Microsomal prostaglandin E synthase 1 (MPGES1) is an enzyme that produces the pro-inflammatory molecule prostaglandin E(2) (PGE(2)). Effective inhibitors of MPGES1 are of considerable pharmacological interest for the selective control of pain, fever, and inflammation. The isoprostane, 15-deoxy-Δ(12,14)-prostaglandin J(2) (15d-PGJ(2)), a naturally occurring degradation product of prostaglandin D(2), is known to have anti-inflammatory properties. In this paper, we demonstrate that 15d-PGJ(2) can inhibit MPGES1 by covalent modification of residue C59 and by noncovalent inhibition through binding at the substrate (PGH(2)) binding site. The mechanism of inhibition is dissected by analysis of the native enzyme and the MPGES1 C59A mutant in the presence of glutathione (GSH) and glutathione sulfonate. The location of inhibitor adduction and noncovalent binding was determined by triple mass spectrometry sequencing and with backbone amide H/D exchange mass spectrometry. The kinetics, regiochemistry, and stereochemistry of the spontaneous reaction of GSH with 15d-PGJ(2) were determined. The question of whether the anti-inflammatory properties of 15d-PGJ(2) are due to inhibition of MPGES1 is discussed.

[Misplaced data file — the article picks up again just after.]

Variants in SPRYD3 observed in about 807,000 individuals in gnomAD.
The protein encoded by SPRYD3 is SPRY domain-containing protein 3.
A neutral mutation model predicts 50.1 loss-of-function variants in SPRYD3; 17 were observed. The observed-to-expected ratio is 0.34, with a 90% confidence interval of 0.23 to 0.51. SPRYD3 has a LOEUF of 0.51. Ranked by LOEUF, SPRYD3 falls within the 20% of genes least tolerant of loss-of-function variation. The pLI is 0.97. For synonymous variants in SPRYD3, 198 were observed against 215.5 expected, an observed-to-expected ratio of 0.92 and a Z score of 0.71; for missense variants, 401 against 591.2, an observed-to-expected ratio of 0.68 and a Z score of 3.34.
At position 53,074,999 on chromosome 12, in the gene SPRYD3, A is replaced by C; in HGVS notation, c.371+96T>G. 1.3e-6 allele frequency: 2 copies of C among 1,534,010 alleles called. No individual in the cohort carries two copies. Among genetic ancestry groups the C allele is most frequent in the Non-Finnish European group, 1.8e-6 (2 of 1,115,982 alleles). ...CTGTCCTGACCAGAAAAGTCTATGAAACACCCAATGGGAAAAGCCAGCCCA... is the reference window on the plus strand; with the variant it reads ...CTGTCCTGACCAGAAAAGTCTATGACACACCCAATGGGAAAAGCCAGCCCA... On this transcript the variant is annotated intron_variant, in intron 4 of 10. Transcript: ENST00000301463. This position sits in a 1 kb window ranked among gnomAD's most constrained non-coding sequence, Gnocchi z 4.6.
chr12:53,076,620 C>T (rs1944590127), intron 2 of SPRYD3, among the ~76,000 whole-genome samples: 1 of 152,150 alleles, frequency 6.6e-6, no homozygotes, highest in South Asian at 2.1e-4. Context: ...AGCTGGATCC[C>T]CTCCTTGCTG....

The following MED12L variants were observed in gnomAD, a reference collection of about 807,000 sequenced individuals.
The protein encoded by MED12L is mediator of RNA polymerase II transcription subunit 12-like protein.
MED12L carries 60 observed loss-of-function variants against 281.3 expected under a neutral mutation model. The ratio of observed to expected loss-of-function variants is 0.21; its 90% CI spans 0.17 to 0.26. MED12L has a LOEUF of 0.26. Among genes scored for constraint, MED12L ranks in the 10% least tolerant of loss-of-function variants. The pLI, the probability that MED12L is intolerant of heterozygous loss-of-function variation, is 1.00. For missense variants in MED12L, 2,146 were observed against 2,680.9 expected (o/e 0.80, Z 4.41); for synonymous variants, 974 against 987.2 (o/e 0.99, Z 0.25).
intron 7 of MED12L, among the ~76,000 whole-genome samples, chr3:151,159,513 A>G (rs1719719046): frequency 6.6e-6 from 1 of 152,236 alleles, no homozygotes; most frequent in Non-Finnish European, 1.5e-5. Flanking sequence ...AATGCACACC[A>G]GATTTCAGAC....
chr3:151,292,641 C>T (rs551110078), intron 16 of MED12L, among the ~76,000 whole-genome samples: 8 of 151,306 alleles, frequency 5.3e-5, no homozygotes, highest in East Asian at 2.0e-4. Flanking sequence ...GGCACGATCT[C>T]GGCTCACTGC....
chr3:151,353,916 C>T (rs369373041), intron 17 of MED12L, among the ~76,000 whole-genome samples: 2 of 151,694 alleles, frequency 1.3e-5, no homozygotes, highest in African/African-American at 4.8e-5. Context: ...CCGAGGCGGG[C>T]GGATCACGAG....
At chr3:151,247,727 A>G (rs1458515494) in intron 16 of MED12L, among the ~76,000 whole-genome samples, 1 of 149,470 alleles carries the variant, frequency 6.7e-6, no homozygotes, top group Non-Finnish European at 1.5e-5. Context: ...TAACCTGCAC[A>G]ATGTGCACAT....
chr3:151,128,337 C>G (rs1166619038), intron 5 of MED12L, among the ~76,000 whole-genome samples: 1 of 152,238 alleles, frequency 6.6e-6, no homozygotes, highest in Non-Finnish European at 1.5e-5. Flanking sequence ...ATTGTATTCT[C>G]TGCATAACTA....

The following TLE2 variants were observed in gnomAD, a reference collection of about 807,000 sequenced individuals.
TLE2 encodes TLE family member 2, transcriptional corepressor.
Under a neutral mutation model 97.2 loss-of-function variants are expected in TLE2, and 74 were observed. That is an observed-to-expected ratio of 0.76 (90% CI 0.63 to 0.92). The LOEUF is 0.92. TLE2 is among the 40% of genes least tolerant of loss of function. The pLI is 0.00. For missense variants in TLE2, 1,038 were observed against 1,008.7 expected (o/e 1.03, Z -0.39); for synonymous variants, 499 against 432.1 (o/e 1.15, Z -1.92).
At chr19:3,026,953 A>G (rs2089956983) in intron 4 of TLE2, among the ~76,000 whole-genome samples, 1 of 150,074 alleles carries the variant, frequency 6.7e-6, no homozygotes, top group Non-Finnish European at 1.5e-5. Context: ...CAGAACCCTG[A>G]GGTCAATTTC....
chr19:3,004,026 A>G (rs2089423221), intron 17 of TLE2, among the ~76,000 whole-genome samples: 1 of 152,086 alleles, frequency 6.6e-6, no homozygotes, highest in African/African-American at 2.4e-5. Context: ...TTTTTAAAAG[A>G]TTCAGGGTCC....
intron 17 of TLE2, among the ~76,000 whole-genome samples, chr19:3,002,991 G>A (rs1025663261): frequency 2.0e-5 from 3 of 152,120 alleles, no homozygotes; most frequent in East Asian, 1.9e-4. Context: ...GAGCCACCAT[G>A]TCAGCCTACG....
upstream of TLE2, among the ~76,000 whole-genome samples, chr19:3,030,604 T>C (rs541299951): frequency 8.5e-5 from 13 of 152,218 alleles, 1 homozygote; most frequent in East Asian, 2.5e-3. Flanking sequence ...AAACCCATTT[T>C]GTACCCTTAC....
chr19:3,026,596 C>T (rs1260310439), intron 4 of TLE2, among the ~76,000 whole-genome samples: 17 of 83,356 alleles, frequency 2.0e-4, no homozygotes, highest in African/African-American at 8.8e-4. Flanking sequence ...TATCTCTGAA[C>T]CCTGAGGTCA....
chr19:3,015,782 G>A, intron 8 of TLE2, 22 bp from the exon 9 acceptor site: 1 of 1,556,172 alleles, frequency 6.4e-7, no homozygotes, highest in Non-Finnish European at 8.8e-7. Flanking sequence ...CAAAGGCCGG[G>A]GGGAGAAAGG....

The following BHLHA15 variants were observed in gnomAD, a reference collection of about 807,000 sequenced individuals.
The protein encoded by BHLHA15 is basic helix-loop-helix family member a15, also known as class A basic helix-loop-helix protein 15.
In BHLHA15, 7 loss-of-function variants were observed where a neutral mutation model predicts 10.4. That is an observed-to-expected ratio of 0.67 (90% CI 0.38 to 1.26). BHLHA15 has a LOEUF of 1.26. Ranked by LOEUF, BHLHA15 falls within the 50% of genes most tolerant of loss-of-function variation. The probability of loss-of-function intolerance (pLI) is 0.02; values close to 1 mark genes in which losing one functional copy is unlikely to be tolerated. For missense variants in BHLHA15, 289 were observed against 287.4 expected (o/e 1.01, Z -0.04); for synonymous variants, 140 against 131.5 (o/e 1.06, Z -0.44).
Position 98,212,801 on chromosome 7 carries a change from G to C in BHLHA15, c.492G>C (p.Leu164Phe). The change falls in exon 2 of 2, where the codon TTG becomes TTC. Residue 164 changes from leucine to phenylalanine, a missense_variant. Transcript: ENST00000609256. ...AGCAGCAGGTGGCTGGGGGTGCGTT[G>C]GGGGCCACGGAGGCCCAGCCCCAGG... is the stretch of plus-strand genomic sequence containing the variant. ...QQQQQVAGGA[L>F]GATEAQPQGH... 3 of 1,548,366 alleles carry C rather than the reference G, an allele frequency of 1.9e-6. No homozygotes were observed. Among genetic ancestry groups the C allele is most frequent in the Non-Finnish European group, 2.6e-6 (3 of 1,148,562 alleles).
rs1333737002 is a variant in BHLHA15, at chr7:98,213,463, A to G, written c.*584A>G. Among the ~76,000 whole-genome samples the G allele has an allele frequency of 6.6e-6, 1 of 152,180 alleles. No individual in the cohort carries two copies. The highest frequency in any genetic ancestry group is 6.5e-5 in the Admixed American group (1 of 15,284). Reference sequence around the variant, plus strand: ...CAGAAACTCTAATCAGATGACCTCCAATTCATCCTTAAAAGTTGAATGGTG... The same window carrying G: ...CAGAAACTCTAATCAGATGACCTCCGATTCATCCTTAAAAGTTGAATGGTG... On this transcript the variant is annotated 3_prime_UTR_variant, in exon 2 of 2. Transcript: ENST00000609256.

OBJECTIVE - To evaluate amniotic fluid arachidonic acid metabolites using enzymatic and nonenzymatic (lipid peroxidation) pathways in spontaneous preterm birth and term births, and to estimate whether prostanoid concentrations correlate with risk factors (race, cigarette smoking, and microbial invasion of amniotic cavity) associated with preterm birth.